There is always time to 'redo' or time to put more experiments in my sketchbook over the coming months - it would be nice to live up to the standards of Jilly Edwards' work (as mentioned in the blog post here).

Friedensreich Hundertwasser 1928 - 2000
  • Born in 1928 in Vienna, Austria as Friedrich Stowasser.
  • He was self taught and was inspired by the artist Egon Schiele's work.
  • An artist, architect and an ecologist.
  • Died 2000
"It was around 1953 that Hundertwasser painted the first of his famous spirals, a form with which he was to become increasingly obsessed." The Times Obituary, February 22, 2000.
A link to the official Hundertwasser website is here, this page is entitled "The spiral is the symbol of life and Death." It also features some images of his 'spiral' paintings.
These are beautiful works, they are painted in bright, bold colours, they have a rhythm - your eye follows the spiral in and out of the picture, the spiral is not uniform in shape and size.

In 1959 he decided to address the idea of the straight line: "he launched an attack on the straight line in his commentary on modern architecture, known as the "Mouldiness Manifesto." The Times Obituary, February 22, 2000.
"The straight line is something cowardly drawn with a rule, without thought or feeling; it is a line which does not exist in nature. And (it) is the rotten foundation of our doomed civilisation." FH. Extract from Mouldiness Manifesto against Rationalism in Architecture - for the full version please see this link
From being renowned as an artist he was now involved in architecture.
With his manifesto he aimed to "revise functional grid architecture and introduce a natural and humane way of building." p.121, 2nd paragraph, "Hundertwasser: The Art of the Green Path", Prestel Publishing.
He was a visionary, he realised that we did not just need functional spaces to live in, but nature to enjoy, plants and trees in our living spaces.
A brilliant example of his architectural practices is The KunstHausWien - link to all his architectural projects is here.
The KunstHausWien is the Hundertwasser Museum, this was rebuilt as the museum 1989-1991, it was originally the site of the Thonet Brothers factory, built in 1892.
"Working with architect Peter Pelikan, Hundertwasser designs a building consistent with his philosophy. "Tree tenants" are incorporated, as is a tree covered roof, "dancing windows" and ceramic columns in Hundertwasser colours. Already in the lobby, visitors are greeted by the characteristic slanted floor." p.177, 1st paragraph - "Hundertwasser: The Art of the Green Path", Prestel Publishing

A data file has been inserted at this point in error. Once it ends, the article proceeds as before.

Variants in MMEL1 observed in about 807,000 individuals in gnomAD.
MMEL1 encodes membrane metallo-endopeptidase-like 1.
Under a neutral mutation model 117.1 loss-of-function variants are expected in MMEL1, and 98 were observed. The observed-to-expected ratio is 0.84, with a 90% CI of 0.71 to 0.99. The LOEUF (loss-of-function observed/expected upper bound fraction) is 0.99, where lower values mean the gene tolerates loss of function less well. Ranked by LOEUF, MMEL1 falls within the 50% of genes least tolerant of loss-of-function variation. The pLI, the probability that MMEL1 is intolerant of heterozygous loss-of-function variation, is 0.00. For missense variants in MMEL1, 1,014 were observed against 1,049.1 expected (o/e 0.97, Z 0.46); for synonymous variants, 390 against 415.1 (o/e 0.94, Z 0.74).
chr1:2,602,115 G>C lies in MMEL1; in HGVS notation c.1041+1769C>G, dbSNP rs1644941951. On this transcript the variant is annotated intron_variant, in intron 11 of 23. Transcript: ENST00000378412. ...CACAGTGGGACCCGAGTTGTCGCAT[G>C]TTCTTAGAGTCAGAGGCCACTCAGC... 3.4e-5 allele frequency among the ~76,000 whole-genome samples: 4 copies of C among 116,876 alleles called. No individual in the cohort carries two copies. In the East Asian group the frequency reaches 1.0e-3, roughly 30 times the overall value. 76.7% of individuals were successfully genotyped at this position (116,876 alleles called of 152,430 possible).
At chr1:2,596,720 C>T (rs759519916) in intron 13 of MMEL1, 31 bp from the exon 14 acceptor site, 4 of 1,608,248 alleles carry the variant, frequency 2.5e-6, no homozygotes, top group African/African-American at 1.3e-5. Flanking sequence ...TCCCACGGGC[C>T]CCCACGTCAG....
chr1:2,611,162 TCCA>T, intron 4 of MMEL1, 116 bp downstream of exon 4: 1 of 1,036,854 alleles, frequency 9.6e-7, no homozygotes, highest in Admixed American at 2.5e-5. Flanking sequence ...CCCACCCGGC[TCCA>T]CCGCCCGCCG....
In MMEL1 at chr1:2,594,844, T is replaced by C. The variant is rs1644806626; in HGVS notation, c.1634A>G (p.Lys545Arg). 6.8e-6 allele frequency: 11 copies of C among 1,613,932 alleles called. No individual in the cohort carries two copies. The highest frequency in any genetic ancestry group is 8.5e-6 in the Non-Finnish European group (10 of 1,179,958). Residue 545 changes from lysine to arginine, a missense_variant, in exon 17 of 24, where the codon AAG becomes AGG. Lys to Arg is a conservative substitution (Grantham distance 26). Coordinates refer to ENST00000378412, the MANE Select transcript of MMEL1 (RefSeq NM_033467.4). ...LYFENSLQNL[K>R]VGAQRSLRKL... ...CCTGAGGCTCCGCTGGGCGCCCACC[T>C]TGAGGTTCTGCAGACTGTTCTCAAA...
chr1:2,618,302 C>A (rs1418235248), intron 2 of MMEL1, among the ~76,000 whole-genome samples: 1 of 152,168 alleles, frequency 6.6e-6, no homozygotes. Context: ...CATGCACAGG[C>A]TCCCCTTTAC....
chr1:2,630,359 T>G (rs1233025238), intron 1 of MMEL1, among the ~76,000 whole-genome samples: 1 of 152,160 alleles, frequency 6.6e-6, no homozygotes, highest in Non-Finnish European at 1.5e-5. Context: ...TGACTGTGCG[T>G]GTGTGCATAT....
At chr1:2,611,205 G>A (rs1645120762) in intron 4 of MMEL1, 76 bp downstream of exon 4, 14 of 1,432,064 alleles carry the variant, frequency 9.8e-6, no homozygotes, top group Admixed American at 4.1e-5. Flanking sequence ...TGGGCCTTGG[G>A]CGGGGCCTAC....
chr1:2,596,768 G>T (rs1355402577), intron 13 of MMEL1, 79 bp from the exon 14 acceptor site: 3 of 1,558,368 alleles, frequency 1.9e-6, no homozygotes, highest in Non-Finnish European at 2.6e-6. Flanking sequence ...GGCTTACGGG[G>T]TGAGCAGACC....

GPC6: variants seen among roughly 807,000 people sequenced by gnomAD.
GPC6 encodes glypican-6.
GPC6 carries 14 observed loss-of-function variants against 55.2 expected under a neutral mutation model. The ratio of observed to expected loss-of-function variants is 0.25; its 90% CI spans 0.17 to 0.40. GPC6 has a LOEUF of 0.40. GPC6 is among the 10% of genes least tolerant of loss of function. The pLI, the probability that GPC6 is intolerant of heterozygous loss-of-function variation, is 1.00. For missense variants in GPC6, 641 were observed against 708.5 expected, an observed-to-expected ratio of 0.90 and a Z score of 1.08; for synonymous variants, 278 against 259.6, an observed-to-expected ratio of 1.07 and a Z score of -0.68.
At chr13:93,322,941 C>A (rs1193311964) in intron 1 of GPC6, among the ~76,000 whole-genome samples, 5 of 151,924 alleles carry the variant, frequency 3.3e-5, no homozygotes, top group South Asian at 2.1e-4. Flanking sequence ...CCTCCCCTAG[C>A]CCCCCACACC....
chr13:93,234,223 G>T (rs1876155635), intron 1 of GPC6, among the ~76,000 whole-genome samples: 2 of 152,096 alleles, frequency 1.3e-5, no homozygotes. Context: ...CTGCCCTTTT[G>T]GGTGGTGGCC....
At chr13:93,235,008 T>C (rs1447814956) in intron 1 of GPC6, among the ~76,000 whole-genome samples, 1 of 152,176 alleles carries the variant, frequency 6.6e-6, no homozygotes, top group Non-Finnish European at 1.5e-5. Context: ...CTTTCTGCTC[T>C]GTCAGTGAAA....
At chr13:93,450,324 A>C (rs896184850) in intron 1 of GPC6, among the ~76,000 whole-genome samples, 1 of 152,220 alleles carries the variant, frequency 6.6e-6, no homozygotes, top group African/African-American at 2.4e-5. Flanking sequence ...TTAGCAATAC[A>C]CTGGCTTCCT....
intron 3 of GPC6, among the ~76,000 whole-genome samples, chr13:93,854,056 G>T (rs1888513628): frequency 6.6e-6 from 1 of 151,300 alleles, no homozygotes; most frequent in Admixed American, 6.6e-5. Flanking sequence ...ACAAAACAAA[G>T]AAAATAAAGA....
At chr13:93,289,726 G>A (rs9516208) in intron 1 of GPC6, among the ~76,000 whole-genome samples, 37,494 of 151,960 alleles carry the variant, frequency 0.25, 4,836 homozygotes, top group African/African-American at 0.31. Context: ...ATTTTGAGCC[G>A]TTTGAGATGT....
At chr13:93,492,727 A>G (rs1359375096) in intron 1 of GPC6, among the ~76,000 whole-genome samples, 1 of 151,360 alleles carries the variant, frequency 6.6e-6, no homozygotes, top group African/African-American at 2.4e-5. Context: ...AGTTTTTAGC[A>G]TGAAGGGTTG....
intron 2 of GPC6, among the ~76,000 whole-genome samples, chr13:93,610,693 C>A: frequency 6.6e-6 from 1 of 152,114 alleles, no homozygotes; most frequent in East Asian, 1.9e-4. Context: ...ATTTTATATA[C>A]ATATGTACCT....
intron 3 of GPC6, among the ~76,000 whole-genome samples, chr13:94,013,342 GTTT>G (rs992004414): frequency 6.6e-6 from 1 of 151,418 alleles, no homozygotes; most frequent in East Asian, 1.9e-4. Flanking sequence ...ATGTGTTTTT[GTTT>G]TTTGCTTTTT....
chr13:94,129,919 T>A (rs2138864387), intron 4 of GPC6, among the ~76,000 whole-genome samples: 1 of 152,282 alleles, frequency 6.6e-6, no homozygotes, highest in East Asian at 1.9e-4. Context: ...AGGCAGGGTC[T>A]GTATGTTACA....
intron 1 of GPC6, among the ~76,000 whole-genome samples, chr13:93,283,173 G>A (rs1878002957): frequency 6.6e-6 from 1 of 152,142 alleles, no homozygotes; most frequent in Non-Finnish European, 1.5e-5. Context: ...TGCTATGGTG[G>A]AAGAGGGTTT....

This building has an undulating roof, black and white chequerboard paintwork - although not a straight line in sight, trees, plants and grass adorning the roof space and the surroundings. If only some of the architecture in our towns and cities looked like Hundertwasser's work, they would be more inspiring places to live in.

I love Hundertwasser, both the work he created as an architect and as an artist. He was committed to environmental and ecological ideals.
He eventually settled in New Zealand, and died peacefully aboard his ship "Regentag" on his own land on the Bay of Islands.

Thursday, December 20, 2012

Part Four: Project 9 - Stage 3

Experimenting with Different Materials.
Having decided to continue with the same warp for this stage, I decided to roll the warp on and to add a new heading cord. (Image 1)
1 - Adding a heading cord
Although I used the correct technique, as outlined in stage 1 - here, I did not tie it to the sides of the loom or adjust the warp threads across the width so that they were spaced evenly. It did however give me a starting line to work to. The ruler was placed there to even out the weaving that had been rolled onto the bar below. I got the heading cord right in stage 4 and noticed the difference.

These were the yarns I chose to start my sample with (Image 2):
2 - A selection of yarns for my sample
These yarns were all similar in colour but had different textured finishes and thicknesses. I included coarse thick twine, thinner softer twine, coarse thick wools, eyelash yarns, boucle yarns, as well as other types.

The OCA course book says "For this series of samples you are going to work in a freer and more experimental way to create some interesting surface textures through the use and combination of different and perhaps unlikely materials." p.194

Image 3:
I started by weaving a few 'picks' (passes of the shuttle/rows) of pink yarn so that my weaving would have something to hold it firmly in place.
3 - Starting my sample
I then moved on to the fine cream rug yarn and the thicker, coarser brown wool.
These yarns were too similar in look when they were woven together. The only difference was the thickness and the colour of the yarn - the difference in texture was not noticeable in the woven sample.